- Minimum salary: The employee must receive a salary that is two times the minimum wage.
- White collar responsibilities: The employees job duties must be mostly administrative, professional, or executive.
- Independence: The job must require the employee to use their own judgment to perform their duties.
How are California Wage Order Disputes Resolved?
If an employee feels that they have experienced either wage theft or labor law violations, they can file a complaint with the Labor Commissioner’s Office. Wage theft generally covers a wide variety of illegal pay practices. This could include not paying minimum wage or not giving overtime pay. Other labor law violations could include many things. For example, not giving lunch breaks or illegally employing children could be labor law violations. Employees can file a complaint online, in person, or by mail.
In California, the Labor Commissioner’s Office conducts an investigation of labor law complaints. Once a complaint is filed, the Labor Commissioner’s Office will start an investigation. Investigators will usually start by visiting the workplace. They will often do an inspection and interview employees. Employees are usually asked about their wages, breaks, lunch time, and any other questions related to the complaint.
After the investigation, investigators will make a decision about whether there has been a wage order violation or other labor law violation. Investigators can issue citations for civil penalties and for wages owed to employees.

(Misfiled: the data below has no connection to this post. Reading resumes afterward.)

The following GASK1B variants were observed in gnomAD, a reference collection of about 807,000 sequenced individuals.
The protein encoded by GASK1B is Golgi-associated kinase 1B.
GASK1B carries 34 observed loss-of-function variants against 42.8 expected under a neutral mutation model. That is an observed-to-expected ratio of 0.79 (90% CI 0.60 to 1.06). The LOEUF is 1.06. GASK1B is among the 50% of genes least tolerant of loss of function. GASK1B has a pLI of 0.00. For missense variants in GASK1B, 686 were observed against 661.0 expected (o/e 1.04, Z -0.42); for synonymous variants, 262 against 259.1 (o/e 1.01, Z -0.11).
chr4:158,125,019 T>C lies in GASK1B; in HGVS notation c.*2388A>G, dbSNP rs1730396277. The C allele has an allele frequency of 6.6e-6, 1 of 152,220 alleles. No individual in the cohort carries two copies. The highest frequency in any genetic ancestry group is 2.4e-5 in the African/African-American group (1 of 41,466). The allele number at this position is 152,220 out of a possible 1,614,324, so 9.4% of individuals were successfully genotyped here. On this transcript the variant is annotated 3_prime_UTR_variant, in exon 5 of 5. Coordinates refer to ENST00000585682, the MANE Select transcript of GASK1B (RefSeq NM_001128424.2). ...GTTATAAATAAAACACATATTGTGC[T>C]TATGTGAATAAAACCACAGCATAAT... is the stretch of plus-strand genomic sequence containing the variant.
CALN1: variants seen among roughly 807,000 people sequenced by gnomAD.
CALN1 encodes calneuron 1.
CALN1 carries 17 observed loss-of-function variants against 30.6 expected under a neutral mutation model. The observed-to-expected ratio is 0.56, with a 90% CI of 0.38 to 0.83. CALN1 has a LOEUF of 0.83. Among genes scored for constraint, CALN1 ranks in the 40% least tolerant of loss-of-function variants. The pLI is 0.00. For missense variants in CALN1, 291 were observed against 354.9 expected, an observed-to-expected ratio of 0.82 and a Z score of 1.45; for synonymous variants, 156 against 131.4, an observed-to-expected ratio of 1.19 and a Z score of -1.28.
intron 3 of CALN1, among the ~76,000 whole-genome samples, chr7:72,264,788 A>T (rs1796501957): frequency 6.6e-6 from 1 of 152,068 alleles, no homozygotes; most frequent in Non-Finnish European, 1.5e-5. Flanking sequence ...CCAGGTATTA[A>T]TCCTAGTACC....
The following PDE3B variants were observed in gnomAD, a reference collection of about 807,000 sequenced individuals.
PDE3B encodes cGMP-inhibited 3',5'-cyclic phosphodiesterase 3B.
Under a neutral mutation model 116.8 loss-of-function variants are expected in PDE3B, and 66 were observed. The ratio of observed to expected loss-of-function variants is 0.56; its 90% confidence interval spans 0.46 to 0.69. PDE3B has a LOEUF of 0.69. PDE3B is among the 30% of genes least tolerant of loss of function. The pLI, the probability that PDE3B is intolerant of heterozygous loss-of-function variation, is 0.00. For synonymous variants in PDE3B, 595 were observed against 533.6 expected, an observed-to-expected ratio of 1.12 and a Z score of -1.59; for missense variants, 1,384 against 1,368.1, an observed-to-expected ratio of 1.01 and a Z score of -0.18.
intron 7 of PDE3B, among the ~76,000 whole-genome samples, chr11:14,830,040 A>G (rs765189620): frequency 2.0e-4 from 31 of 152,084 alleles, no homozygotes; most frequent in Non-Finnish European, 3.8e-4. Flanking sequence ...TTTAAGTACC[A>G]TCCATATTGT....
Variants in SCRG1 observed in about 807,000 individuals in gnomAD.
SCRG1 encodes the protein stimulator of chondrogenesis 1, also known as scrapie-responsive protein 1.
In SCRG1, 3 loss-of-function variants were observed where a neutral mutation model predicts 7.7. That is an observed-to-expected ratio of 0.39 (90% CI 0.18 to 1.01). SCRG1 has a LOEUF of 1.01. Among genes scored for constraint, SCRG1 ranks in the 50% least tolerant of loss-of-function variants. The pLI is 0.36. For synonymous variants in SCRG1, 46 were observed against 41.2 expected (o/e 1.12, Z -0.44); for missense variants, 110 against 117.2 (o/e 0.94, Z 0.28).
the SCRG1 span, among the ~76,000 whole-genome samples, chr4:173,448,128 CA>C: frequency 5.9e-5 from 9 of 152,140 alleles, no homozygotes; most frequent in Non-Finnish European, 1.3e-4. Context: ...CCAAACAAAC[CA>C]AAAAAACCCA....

Employers have the right to appeal the decision of the investigation. They can appeal to have the citation amount reduced or dismissed completely. When an employer appeals, a hearing will be held by the Labor Commissioner’s Office. During the hearing, they will review the evidence submitted by the investigators and by the employer. A Hearing Officer will make a decision.
If the employer disagrees with the Hearing Officer’s decision, they can appeal the decision to the Superior Court.
Are There Any Defenses to California Wage Orders’ Violations?
If there is a dispute about whether there has been a violation of a California wage order, employers may have certain defenses. If you have been accused of a violation, it is important to immediately contact an attorney to discuss any possible defenses.
One defense to a California wage order violation is to argue that the person asking for wages is not an employee. This defense depends on whether the person is an employee versus an independent contractor. For this defense, the employer argues that the individual is an independent contractor. The difference between an employee and an independent contractor can be complicated. Usually, it depends on the amount of control the person has when doing their job. The more independent the individual is, the more likely they are an independent contractor.
Another defense to a wage order violation claim is the good faith dispute defense. The good faith defense is an argument made by the employer that there is a question or dispute about whether the employee is actually owed wages. The employer argues that the employee is not actually owed any wages. The employer can argue that the dispute is based on the law or the facts of the situation. If the employer is successful, the employee cannot recover wages and the employer does not owe penalties.
A specialized attorney will know about any other possible defenses in your specific case.
Do I Need an Employment Lawyer?
It is recommended that you contact an experienced employment lawyer in your area. A skilled and knowledgeable lawyer can make sure that you are following all the requirements of wage orders. Wage orders and labor law can be complicated. A lawyer can help you determine which work order applies to your business and help you understand the rules. You should immediately contact a lawyer if an employee files a claim that you have violated a work order. A lawyer can represent you and offer advice on how to resolve the issue.